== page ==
In late September, German Chancellor Angela Merkel's conservative Christian Democratic Union-Christian Social Union (CDU-CSU) party won a plurality of seats in Germany's parliament, but early Monday, her bid for a fourth term as chancellor hit a significant snag when the pro-business Free Democrats (FDP) unexpectedly pulled out of coalition talks. FDP leader Christian Lindner told reporters that in their four weeks of negotiations, the DCU, FDP, and Greens were unable to agree on policy or a direction for Germany. "It is better not to rule than to rule badly," he said. "Goodbye!"
Merkel said Monday morning that a deal had been within reach and that she intended to stay on as chancellor but would inform President Frank-Walter Steinmeier of the failed talks and discuss how to move forward. Steinmeier could call new elections or Merkel could lead a minority government with the Greens — both of which would be firsts for post-war Germany — or try to convince the Social Democrats (SDP), her coalition partners in her previous term, to stick around, despite the beating they took after aligning with her. The SDP has ruled out governing with Merkel's party again, though Germany's traditional parties are wary of the far-right, anti-immigrant Alternative for Germany (AfD) party gaining strength in new elections.
The FDP had been coalition partners with Merkel from 2009 to 2013, before losing all their seats for four years. After their comeback, it's strange they would walk away from governing with Merkel again, Jackson Janes at the American Institute for Contemporary German Studies at Johns Hopkins University tells Reuters. "And it is also a dangerous game of poker for Germany." The talks reportedly broke down over immigration as well as taxes and environmental policy. Peter Weber
After 12 years in office, German Chancellor Angela Merkel won a fourth term in Sunday's national elections, though it was the worst showing since 1949 for both her conservative Christian Democratic Union-Christian Social Union (CDU-CSU) and the center-left Social Democrats (SPD). The recently formed Alternative for Germany (AfD) party won about 94 seats in the 709-seat Bundestag, or lower house of parliament, making it the third-largest bloc and the first right-wing nationalist party to win seats since World War II. Merkel's bloc will have about 246 seats.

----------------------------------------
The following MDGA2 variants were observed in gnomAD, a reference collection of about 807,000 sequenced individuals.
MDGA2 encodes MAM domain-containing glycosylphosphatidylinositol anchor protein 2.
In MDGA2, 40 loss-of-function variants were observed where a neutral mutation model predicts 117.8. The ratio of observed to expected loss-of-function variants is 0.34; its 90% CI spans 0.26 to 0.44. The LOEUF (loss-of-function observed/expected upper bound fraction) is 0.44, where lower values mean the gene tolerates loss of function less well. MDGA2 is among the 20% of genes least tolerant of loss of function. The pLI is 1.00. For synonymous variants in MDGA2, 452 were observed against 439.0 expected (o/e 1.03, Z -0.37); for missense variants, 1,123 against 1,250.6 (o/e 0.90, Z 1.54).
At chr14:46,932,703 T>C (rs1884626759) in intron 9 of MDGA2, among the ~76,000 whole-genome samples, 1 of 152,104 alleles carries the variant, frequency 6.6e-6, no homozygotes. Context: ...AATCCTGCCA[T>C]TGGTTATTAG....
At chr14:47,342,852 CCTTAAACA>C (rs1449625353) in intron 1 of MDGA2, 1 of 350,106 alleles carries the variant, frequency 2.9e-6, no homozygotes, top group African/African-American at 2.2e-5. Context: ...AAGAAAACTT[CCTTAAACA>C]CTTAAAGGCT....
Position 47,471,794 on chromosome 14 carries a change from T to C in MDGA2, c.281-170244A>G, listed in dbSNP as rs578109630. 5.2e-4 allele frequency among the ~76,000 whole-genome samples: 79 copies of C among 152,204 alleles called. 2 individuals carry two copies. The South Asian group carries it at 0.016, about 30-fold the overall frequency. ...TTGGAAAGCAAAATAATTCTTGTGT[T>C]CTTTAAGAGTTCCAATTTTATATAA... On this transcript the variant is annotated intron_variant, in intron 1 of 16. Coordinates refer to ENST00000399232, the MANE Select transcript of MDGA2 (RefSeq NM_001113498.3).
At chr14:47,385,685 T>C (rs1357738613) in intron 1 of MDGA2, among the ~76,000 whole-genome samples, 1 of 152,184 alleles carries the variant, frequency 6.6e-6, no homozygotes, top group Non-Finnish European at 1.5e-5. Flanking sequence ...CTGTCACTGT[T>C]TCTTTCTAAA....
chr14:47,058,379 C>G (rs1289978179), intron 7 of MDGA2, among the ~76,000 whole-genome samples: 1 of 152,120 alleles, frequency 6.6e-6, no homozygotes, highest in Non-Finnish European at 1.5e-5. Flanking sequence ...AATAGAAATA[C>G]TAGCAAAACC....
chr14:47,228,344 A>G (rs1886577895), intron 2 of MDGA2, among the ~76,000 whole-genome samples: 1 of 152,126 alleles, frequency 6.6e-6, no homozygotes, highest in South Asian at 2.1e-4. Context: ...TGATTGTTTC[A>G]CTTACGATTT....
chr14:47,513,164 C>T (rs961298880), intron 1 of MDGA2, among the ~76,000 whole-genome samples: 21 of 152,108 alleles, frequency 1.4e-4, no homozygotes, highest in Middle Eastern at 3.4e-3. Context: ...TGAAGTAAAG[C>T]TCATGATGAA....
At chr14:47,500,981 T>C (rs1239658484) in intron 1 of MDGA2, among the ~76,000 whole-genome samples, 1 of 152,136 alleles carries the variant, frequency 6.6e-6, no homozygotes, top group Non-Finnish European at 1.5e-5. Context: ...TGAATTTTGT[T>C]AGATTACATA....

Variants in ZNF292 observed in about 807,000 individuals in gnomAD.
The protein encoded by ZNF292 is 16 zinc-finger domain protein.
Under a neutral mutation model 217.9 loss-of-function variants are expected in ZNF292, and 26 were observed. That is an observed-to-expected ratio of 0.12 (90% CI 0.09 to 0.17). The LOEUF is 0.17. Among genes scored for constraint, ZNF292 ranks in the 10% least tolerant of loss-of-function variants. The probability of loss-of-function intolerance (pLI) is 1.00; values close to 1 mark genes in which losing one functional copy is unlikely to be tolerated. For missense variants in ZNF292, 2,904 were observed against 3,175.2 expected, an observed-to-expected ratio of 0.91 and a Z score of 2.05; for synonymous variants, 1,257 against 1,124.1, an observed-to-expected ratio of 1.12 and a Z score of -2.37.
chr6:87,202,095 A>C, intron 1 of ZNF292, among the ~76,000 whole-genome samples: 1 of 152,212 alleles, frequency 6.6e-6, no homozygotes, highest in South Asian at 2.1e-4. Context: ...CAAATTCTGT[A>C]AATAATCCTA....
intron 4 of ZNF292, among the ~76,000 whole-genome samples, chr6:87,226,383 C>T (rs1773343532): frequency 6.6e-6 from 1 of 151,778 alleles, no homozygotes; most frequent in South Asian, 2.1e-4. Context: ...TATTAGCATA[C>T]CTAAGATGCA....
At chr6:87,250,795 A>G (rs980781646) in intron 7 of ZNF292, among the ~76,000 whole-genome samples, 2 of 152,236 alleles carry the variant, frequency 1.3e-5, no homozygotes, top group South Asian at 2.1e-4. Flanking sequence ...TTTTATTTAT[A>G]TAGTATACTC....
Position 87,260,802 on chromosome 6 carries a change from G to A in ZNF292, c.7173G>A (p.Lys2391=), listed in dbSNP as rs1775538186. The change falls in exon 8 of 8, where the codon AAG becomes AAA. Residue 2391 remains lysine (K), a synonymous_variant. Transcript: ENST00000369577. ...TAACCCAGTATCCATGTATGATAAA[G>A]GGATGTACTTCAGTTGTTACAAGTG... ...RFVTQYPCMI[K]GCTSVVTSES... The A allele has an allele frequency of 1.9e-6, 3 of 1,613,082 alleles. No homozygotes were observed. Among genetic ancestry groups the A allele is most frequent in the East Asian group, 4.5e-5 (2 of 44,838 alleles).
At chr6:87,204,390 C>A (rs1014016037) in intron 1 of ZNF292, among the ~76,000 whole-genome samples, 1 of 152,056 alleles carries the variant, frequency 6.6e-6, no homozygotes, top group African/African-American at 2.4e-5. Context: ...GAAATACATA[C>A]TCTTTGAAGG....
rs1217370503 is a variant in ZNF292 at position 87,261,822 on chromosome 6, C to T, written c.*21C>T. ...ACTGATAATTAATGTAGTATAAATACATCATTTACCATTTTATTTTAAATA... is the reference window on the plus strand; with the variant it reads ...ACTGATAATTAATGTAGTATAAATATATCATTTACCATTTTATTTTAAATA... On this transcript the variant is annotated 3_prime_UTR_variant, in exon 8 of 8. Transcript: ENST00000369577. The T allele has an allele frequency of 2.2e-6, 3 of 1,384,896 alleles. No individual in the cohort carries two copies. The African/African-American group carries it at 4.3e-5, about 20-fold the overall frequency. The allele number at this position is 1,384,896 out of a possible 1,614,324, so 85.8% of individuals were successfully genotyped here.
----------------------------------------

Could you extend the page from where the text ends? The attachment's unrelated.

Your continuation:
The SPD, which had governed in coalition with Merkel's Christian Democrats, said it will go into opposition, leaving Merkel with a narrow path to a governing majority, likely with the pro-business Free Democrats and the Greens — called a "Jamaica coalition" because the parties' colors form the Jamaican flag. Merkel said she'd hoped for a "better result." But the AfD had its own issues. At an AfD news conference on Monday, party co-chairwoman Frauke Petry, who had unsuccesfully pushed for excluding extremist members, announced that "after long reflection," she wouldn't caucus with her party in the Bundestag, then walked out without taking questions. "I'd like to apologize in the name of my party," co-chairman Joerg Meuthen said after she left. "This wasn't discussed with us." Peter Weber
Germans head to the polls Sunday in a vote anticipated to give Chancellor Angela Merkel her fourth term in office. Her center-right Christian Democratic Union (CDU) is predicted to take about 34 percent of Bundestag seats with which it will form a coalition government with Merkel again at the head.
"There are a lot of problems in other countries, think Donald Trump or Brexit," one Berlin voter told NBC News. "With Merkel there is a sense that there is no great problem that she couldn't overcome, and that she's a politician you can trust."
— Europe Elects (@EuropeElects) September 24, 2017
The growth of the far-right Alternative for Germany (AfD) party — which campaigned on a populist, anti-immigration message and could well become the Bundestag's third-largest party out of six represented — has raised alarm among many Germans concerned about extremism. Turnout is expected to be high. Bonnie Kristian